|2004 USGS/NASA Experimental Advanced Airborne Research Lidar (EAARL): Northern Gulf
of Mexico, Post-Hurricane Ivan
||ASCII xyz point cloud data were produced from remotely-sensed, geographically-referenced
elevation measurements in cooperation with the U.S. Geological Survey (USGS) and National
Air and Space Administration (NASA). Elevation measurements were collected over the
area using the NASA Experimental Advanced Airborne Research Lidar (EAARL), a pulsed
laser ranging system mounted onboard an aircraft to measure ground elevation, vegetation
canopy, and coastal topography. The system uses high-frequency laser beams directed
at the earth's surface through an opening in the bottom of the aircraft's fuselage.
The laser system records the time difference between emission of the laser beam and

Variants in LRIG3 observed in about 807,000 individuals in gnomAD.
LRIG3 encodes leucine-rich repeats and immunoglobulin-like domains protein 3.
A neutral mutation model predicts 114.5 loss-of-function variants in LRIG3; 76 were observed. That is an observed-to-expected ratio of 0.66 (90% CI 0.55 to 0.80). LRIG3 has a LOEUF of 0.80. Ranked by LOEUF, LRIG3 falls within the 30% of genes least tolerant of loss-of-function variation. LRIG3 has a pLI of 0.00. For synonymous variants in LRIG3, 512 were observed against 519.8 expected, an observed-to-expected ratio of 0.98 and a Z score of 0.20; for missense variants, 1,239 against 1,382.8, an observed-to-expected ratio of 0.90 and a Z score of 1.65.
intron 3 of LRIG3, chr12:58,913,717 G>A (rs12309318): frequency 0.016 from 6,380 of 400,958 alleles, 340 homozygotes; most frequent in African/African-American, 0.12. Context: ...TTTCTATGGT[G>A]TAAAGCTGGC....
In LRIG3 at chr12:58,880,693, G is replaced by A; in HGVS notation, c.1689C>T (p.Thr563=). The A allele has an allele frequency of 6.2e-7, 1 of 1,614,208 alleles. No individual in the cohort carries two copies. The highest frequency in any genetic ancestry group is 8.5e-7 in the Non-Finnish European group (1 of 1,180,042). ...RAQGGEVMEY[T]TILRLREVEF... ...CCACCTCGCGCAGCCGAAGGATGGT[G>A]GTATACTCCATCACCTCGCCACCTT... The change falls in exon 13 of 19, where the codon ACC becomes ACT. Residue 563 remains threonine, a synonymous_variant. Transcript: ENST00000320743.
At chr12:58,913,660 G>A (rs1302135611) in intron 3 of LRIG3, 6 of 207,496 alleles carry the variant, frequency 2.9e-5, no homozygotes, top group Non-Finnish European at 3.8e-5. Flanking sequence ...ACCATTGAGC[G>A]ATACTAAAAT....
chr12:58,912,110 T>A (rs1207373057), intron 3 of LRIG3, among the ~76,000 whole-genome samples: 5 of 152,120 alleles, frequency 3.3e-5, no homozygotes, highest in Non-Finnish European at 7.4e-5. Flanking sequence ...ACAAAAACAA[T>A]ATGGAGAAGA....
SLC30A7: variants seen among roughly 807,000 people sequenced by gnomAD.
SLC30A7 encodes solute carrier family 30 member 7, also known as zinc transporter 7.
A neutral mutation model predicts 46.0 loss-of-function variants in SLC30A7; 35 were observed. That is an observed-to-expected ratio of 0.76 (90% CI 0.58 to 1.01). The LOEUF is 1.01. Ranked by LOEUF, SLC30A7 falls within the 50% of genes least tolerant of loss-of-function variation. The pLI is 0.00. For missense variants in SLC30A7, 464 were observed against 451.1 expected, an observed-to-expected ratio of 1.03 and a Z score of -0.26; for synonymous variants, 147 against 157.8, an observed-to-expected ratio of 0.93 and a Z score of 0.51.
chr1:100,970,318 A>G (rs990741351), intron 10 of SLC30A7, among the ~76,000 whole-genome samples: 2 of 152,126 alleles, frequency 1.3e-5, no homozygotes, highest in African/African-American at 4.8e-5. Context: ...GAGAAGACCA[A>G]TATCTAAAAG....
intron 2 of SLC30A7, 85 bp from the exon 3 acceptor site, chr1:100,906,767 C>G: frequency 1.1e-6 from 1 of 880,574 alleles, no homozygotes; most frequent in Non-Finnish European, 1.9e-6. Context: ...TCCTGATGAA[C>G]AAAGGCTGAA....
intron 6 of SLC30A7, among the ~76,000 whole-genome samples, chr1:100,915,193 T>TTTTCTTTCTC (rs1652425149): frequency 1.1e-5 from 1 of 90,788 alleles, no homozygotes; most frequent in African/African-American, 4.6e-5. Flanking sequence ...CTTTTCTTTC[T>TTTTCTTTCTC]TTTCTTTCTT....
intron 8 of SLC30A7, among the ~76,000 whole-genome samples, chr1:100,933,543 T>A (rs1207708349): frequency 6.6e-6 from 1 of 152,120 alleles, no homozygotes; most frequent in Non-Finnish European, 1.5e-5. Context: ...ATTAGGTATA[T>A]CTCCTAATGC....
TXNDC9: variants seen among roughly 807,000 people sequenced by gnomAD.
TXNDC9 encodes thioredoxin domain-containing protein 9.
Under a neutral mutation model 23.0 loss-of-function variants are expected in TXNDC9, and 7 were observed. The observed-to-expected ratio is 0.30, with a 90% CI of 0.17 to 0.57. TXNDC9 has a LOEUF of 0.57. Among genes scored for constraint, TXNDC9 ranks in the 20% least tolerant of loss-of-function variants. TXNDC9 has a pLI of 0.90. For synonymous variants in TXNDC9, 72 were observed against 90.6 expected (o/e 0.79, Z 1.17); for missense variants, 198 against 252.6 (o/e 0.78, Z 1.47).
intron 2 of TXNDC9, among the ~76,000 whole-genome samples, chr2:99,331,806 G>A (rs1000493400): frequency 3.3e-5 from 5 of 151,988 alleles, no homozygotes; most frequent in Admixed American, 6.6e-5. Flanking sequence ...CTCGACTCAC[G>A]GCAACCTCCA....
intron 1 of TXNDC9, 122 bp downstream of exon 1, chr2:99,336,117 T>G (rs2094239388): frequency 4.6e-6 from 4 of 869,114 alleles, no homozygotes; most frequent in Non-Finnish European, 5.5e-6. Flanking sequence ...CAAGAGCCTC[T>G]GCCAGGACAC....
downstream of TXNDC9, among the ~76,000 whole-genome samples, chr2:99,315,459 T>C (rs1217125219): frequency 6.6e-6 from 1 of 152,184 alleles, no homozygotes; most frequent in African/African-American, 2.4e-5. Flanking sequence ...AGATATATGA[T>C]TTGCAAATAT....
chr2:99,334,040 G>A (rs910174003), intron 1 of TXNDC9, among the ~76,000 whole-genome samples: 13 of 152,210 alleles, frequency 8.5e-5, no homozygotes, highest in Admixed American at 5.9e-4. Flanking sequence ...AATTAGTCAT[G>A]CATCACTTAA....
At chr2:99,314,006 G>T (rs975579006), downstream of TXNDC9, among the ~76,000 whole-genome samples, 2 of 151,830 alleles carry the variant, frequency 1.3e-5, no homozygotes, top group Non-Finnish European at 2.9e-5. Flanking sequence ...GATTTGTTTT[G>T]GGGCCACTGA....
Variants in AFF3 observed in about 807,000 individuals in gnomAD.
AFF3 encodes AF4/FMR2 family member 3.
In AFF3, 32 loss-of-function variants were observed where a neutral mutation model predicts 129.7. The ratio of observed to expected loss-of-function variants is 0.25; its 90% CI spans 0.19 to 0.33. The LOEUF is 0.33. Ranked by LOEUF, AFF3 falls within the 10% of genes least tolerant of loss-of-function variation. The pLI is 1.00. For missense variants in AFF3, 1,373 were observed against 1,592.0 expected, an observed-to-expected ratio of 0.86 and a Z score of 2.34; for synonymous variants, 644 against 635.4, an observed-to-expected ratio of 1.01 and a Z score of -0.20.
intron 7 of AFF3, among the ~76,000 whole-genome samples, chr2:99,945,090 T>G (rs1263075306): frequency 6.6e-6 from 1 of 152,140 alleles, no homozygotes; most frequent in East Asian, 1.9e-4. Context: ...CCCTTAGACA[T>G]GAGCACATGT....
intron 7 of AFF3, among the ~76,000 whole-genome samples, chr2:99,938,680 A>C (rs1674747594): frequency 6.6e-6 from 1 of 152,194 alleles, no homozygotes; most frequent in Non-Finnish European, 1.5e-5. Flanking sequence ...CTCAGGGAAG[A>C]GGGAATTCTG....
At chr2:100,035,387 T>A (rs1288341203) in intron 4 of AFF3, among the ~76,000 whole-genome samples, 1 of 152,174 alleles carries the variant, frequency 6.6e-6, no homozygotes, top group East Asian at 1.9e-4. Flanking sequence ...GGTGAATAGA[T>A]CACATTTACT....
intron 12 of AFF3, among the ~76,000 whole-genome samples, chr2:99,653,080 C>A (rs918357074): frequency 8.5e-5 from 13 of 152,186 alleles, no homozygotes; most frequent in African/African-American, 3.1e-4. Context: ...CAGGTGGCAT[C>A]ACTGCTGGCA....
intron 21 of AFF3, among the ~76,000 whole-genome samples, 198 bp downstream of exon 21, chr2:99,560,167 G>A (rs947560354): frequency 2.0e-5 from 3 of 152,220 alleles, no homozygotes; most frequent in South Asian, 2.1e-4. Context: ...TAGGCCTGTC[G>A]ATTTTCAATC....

the reception of the reflected laser signal in the aircraft. The plane travels over
the target area at approximately 50 meters per second at an elevation of approximately
300 meters. The EAARL, developed by NASA at Wallops Flight Facility in Virginia, measures
ground elevation with a vertical resolution of 15 centimeters. A sampling rate of
3 kHz or higher results in an extremely dense spatial elevation data set. Over 100
kilometers of coastline can be easily surveyed within a 3 to 4 hour mission time period.
When subsequent elevation maps for an area are analyzed, they provide a useful tool
to make management decisions regarding land development.